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In this issue:

  • Two new reports focus on the future of youth justice in California
  • CJCJ staff tour California’s northern youth correctional facilities
  • CJCJ congratulates a youth client who is now a full-time student
Two new reports focus on the future of youth justice in California

New CJCJ studies predict further decreases in youth arrests and evaluate the prosecution of youth as adults

On October 4th, CJCJ released a publication by Senior Research Fellow Mike Males predicting that violent felony arrests of youth will fall by about 1,600 to 1,700 by 2020. The report finds a strong, predictive relationship between the violent felony arrest rates of children under 12 and those of older youth ages 12 – 17. This relationship is used to forecast arrests of 12 – 17 year olds.

Dramatic declines in the violent felony arrest rates of children under 12 predict a decline of 24 percent in the violent felony arrest rate of youth ages 12 – 17 from 2016 to 2020. A decline in the number of youth arrested annually for violent felonies will shrink the pool of youth eligible for commitment to local detention facilities and the state’s Division of Juvenile Justice.

On October 18th, CJCJ Policy Analyst, Maureen Washburn, coauthored a report in partnership with the National Center for Youth and the W. Haywood Burns Institute. The report finds that practice of direct file” — wherein prosecutors decide to file charges against youth as young as 14 years old directly in adult court — varies starkly by county and continues to disproportionately impact youth of color. 

In 2015, just six counties — Orange, Riverside, Sacramento, San Bernardino, San Joaquin, and Tulare — comprised more than 50 percent of the state’s direct file cases. Additionally, per capita, Latino youth were 3.4 times more likely to be direct filed than white youth in 2015, and black youth were direct filed at 10.8 times the rate of white youth. The report was released in advance of Election Day when California voters will consider the repeal of direct file through the passage of Proposition 57.

Read Violent Crime Arrests of Youth in California Expected to Decline Through 2020 » Read The Prosecution of Youth as Adults in California: A 2015 Update »

For more information about this topic or to schedule an interview with the authors, please contact CJCJ Communications at cjcjmedia@​cjcj.​org.

CJCJ staff tour California’s northern youth correctional facilities

Division of Juvenile Justice staff led CJCJ on a tour of the DJJ school, mental health units and other program facilities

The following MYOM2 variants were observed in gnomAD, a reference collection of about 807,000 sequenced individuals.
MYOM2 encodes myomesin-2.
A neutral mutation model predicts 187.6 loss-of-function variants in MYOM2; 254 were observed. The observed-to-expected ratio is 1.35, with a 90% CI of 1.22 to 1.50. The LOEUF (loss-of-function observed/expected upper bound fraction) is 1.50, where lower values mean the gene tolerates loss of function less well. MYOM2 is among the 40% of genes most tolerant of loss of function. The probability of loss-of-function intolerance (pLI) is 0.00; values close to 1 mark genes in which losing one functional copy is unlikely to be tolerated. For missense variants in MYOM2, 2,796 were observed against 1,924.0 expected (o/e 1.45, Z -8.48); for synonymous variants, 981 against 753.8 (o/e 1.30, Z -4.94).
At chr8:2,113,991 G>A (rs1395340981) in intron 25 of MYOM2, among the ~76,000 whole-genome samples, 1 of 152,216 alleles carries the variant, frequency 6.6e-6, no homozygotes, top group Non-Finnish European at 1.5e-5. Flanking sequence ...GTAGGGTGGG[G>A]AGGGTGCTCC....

On September 26th, CJCJ’s Executive Director Daniel Macallair and staff visited the two of the three youth correctional facilities overseen by the Division of Juvenile Justice (DJJ): O.H. Close and N.A. Chaderjian in Stockton, CA. This was CJCJ’s first visit to DJJ since the dismissal of the Farrell litigation in February 2016 — a 13-year lawsuit in which the Prison Law Office sued California’s youth correctional institutions for inhumane and violent conditions. 

After the dismissal of Farrell, CJCJ published a report providing updated information on the state of DJJ titled Failure After Farrell: Violence and Inadequate Mental Health Care in California’s Division of Juvenile Justice (DJJ). The report found that DJJ continues to struggle with violence, gang culture, and deficient mental health treatment. Additionally, Daniel Macallair recently published After the Doors Were Locked: A History of Youth Corrections in California and the Origins of 21st Century Reform, which provides context for the failed cycles of reform over the past century. Namely, DJJ facilities are still large, aging, congregate care facilities that were not modeled on best practices for rehabilitation or safety. 

The prison-like design and operation of DJJ’s facilities force many youth into large open dormitories or separate them into single cells. The open dormitory format has been shown to be particularly unsafe. Moreover, the penal environment and violence associated with large facilities cannot provide a therapeutic setting to treat the over 90 percent of youth in juvenile facilities who have experienced trauma.

Purchase After the Doors Were Locked »

Read Failure After Farrell: Violence and Inadequate Mental Health Care in California’s Division of Juvenile Justice »

CJCJ congratulates a youth client who is now a full-time student

A youth client has successfully completed CJCJ’s Placement Diversion and Reentry Program and is looking forward to nurturing his interests and intellect

CJCJ extends its congratulations and well wishes to a youth client who recently graduated from the Placement Diversion and Reentry Program (PDRP). The 18-year-old is currently studying at San Francisco City College full time and is busy expanding his knowledge base and deciding which major to pursue. 

This young man grew up in San Francisco’s Mission District and struggled with negative peer influences and gangs. After being involved in the juvenile justice system for almost four years, he came to CJCJ about 6 months ago. His PDRP Clinical Case Manager, Karen Sarria, helped him make a plan to ease the transition home after spending some time in a group home. 

Sarria is very optimistic about her client’s future. I want to congratulate him for doing something he never thought possible, like going to college and choosing to live a more positive life that will lead him to his goal,” she says. I encourage him to continue following his dream of graduating and wish him nothing but success and happiness with this new and free life. I’m so proud of him!”

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Learn more about the Placement Diversion and Reentry Program (PDRP) »